1. Love this as I am also an expat and the experience is crazy. New culture, language, people – it’s such an adventure. I hope he continues enjoying his!

    1. Hi Ronnie,
      Thank you for reading his interview and being a part of our community. We look forward to hearing more from you about your expat experiences. Please stop by and comment frequently and be sure to follow our social media groups. Your input is valuable for our community abroad.

      Best regards,

    1. Hi Brianne,

      Thank you for taking the time to read Edgar’s interview. We hope you come back to read his second interview and check out Tyler’s post tomorrow about teaching in other regions of Spain as well.

      Thanks again,


  2. I love the wisdom in this article. And I agree about attempting to disconnect from what is comfortable and embrace the new. It will surely help you grow.

    1. Hello and thank you so much for reading. Please stay tuned for more updates from Edgar and be sure to read Tyler’s post tomorrow on teaching in different regions of Spain.

      Thank you so much for being a part of our community,

  3. I want to go in abroad for learning,but i can’t do it.But you have got this opportunity!All the best for your upcoming future.

    1. Hi Kelly,

      We appreciate you reading Edgar’s interview and hope you read Tyler’s piece tomorrow about teaching in different regions of Spain.

      Thank you again for being a part of our community. We appreciate you.


    1. Thank you for reading our interview! Edgar is out and about traveling and fulfilling his wanderlust before his classes start. Stay tuned for more solo pieces from Edgar and additional interviews on his teaching experience.


    1. Hi Heather,

      Please be sure to check out Tyler’s piece tomorrow on Thursday, 9/19/2019. We think you will that one too.

      All the best,

    1. There’s so much to be gained from teaching abroad! I have a few friends who had wonderful experiences teaching in Korea. Thank you for sharing Edgar’s story with us 🙂

    2. Hi Sara,
      Thank you for reading about Edgar’s plans for this second year in Ontinyent. He will be writing some pieces of his own and there are two more interviews where Edgar will share more of his experiences this year so stay tuned.

      Thanks again!

  4. I’ve always wanted to teach abroad. Sounds like fun and rewarding experience. I love Spain, I have visited twice in the last couple of years but didn’t get to visit Ontinyent. Thanks for sharing your experience!

    1. Dear Wanderlust,

      Thank you for your feedback and comment. We appreciate you being a part of our community. Please be sure to check out Tyler’s post tomorrow. He will be talking about two very specific regions in Spain. We think you will enjoy it.

      Thanks again- we appreciate you!



    1. Hi Erin,

      I am so glad you enjoyed reading Edgar’s interview. Stay tuned for more interviews about studying and teaching abroad. Thanks again! We appreciate you.


  5. Studying abroad and working abroad is an amazing experience. Being an expat, I can relate to his story. I’m glad Edgar is loving his job in Ontinyent and I hope he can visit more places in Spain too.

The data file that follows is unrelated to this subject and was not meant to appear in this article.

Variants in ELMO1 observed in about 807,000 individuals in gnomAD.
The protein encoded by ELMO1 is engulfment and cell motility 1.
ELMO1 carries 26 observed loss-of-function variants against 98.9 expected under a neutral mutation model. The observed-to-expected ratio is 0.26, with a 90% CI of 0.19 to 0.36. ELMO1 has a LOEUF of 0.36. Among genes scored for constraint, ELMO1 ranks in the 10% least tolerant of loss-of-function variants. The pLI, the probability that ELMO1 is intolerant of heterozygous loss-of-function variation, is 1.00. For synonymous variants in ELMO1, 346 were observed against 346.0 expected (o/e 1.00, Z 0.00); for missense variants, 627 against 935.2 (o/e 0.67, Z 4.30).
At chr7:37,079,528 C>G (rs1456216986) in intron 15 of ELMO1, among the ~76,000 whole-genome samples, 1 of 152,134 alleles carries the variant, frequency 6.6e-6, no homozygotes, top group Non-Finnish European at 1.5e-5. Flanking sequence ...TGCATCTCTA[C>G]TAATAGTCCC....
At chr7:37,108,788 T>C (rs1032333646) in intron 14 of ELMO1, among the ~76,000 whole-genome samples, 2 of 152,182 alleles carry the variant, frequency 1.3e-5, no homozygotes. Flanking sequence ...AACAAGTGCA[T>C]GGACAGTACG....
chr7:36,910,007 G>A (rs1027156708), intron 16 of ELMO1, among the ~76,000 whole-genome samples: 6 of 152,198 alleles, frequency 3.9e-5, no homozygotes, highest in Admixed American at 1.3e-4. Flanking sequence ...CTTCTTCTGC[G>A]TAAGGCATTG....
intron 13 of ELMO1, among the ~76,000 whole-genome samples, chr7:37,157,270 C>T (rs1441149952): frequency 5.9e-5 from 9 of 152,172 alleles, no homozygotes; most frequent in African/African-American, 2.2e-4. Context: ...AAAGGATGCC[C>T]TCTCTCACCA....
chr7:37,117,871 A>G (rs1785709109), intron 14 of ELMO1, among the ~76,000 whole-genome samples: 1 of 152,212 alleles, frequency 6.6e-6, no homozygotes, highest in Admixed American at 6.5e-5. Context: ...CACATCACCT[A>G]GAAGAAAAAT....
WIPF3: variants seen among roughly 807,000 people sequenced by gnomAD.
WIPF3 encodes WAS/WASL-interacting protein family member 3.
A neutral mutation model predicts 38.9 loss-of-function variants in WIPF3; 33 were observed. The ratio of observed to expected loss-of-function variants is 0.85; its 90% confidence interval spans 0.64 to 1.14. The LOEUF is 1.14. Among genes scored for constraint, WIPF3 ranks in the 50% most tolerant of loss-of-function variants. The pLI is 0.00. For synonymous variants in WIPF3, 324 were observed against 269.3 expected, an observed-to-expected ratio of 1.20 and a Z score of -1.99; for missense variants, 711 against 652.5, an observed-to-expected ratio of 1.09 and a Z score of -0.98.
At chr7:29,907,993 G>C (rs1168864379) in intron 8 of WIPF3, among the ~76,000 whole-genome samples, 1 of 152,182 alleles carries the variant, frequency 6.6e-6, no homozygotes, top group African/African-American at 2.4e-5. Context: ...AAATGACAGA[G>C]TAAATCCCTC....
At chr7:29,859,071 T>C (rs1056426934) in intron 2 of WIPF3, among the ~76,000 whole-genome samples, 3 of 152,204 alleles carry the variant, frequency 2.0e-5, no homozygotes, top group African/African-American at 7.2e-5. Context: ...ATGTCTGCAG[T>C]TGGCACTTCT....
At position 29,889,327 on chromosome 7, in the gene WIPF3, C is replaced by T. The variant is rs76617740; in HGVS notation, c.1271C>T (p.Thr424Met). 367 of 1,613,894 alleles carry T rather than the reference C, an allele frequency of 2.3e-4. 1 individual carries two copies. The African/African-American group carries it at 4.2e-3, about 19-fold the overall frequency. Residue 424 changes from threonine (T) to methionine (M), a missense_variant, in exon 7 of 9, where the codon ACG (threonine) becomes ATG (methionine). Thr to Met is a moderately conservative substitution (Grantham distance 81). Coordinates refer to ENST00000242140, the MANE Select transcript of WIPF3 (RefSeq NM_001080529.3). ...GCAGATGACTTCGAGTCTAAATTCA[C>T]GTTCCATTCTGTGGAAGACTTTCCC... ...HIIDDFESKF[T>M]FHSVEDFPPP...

1. Hi Ave, thank you for your comment. It’s great to hear from other expats! Thank you for being a part of our Dreams Abroad community. If you would like to share more with us about your experience abroad– please send us your information in the contact us section of our website. We would really like to hear more from you!
      With gratitude,

  6. He is an inspiration for many! I like his determination to go for his dreams and find success in his own way. This just goes to show that there is no obstacle that cannot be overcome in achieving what you have set your heart into.

    1. Hi Annemarie,

      Thank you so much for reading Edgar’s interview! Please stay tuned for more on Edgar’s journey throughout the year. There will be more updates! In addition, tomorrow there will be an excellent post about two different regions in Spain. Tyler will be covering this topic and lived in these regions. Please check it out when you have some free time. We appreciate your input and thank you for being a part of our community!


    1. Hi Melanie,

      Thanks for your comment and feedback. We enjoy hearing from you. Please be sure to keep in touch and read our posts often. You will see many interesting pieces about teaching, traveling, and studying abroad!

      Thanks again- we appreciate you.

      Leesa Truesdell

  7. Teaching abroad would be such a great learning experience! Such an inspiring story to encourage others interested in this career path!

    1. Hi Steph,

      Thank you for reading Edgar’s interview. Please be sure to check out Tyler’s piece tomorrow that will cover two additional regions in Spain.

      Thanks again- we appreciate you.


  8. Hi Steph,

    Thank you for reading and being a part of our community! Check out Edgar’s next interview coming soon.

    Have a great day!

    1. Hi Shannon,

      Thank you for your feedback on Edgar’s interview. Please stay tuned for more interviews with him and be sure to check out Tyler’s post tomorrow. He will be talking about two regions in Spain.

      Thanks again – we appreciate you!

      Leesa Truesdell